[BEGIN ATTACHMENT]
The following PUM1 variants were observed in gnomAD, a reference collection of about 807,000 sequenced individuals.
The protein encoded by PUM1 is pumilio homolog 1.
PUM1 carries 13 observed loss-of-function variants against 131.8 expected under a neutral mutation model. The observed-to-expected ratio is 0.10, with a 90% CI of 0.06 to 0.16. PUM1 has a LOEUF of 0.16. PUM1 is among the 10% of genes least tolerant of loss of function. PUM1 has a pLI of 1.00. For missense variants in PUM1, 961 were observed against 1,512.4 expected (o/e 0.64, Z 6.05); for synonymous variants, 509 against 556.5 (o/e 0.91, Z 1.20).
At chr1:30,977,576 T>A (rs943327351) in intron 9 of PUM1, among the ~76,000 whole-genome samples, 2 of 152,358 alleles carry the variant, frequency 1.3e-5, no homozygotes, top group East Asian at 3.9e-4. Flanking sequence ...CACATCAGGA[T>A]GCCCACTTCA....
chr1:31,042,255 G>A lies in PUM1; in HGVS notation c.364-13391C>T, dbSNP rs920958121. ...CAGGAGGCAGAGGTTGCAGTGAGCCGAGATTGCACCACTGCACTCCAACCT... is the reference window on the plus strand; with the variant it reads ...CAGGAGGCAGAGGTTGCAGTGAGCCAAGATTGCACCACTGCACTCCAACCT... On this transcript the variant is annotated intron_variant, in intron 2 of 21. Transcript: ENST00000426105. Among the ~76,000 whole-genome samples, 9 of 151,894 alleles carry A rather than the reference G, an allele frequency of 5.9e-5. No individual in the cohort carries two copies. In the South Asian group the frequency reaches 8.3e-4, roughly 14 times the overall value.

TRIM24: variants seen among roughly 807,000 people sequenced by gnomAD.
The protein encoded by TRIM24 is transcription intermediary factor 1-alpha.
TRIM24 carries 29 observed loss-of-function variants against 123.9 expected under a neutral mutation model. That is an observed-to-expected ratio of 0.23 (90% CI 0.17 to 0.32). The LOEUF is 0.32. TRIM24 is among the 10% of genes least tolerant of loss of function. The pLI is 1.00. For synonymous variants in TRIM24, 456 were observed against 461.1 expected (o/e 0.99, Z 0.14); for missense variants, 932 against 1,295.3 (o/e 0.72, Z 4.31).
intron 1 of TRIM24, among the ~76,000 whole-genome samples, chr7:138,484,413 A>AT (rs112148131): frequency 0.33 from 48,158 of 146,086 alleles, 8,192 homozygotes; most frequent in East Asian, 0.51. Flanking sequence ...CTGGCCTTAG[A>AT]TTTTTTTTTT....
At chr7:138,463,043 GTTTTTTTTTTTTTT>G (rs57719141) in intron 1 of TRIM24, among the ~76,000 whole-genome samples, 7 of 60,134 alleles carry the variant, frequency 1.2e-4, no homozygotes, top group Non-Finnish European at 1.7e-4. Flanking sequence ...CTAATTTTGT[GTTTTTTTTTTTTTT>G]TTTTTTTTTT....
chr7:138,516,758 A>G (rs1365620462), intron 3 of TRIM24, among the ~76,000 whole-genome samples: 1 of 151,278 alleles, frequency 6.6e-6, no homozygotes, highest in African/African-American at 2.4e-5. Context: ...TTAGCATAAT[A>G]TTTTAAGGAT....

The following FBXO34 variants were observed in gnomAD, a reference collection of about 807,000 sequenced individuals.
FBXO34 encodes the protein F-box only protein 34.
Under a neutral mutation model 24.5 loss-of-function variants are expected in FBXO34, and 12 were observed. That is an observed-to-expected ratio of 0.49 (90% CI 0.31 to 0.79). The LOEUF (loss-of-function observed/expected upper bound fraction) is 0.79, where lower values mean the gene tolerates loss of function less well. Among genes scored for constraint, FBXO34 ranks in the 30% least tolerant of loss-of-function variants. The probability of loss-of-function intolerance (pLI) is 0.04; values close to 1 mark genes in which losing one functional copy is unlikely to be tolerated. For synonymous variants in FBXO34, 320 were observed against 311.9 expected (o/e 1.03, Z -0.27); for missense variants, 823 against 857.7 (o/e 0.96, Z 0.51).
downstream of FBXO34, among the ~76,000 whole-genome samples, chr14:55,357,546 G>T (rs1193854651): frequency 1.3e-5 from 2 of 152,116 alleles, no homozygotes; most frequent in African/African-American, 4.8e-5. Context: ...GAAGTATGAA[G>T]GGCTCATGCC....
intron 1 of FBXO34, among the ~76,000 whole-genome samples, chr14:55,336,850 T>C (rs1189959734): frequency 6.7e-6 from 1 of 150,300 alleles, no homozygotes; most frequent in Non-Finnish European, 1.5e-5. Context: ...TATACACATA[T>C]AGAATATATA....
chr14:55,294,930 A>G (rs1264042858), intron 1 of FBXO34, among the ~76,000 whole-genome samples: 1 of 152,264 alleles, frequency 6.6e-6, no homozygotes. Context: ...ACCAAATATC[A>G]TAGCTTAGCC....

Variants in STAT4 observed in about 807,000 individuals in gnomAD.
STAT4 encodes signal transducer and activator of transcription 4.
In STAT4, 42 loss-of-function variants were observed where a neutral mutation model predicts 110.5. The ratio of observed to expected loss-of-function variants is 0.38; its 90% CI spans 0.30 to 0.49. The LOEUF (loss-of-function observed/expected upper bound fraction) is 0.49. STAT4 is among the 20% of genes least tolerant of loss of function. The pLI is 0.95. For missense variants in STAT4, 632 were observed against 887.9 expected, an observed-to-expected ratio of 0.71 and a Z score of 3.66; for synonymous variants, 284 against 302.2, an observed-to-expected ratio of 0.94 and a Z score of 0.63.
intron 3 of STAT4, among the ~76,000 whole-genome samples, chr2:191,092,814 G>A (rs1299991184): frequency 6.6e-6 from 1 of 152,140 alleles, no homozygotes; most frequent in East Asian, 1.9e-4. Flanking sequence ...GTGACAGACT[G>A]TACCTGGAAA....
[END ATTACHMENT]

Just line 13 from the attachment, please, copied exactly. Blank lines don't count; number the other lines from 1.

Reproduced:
FBXO34 encodes the protein F-box only protein 34.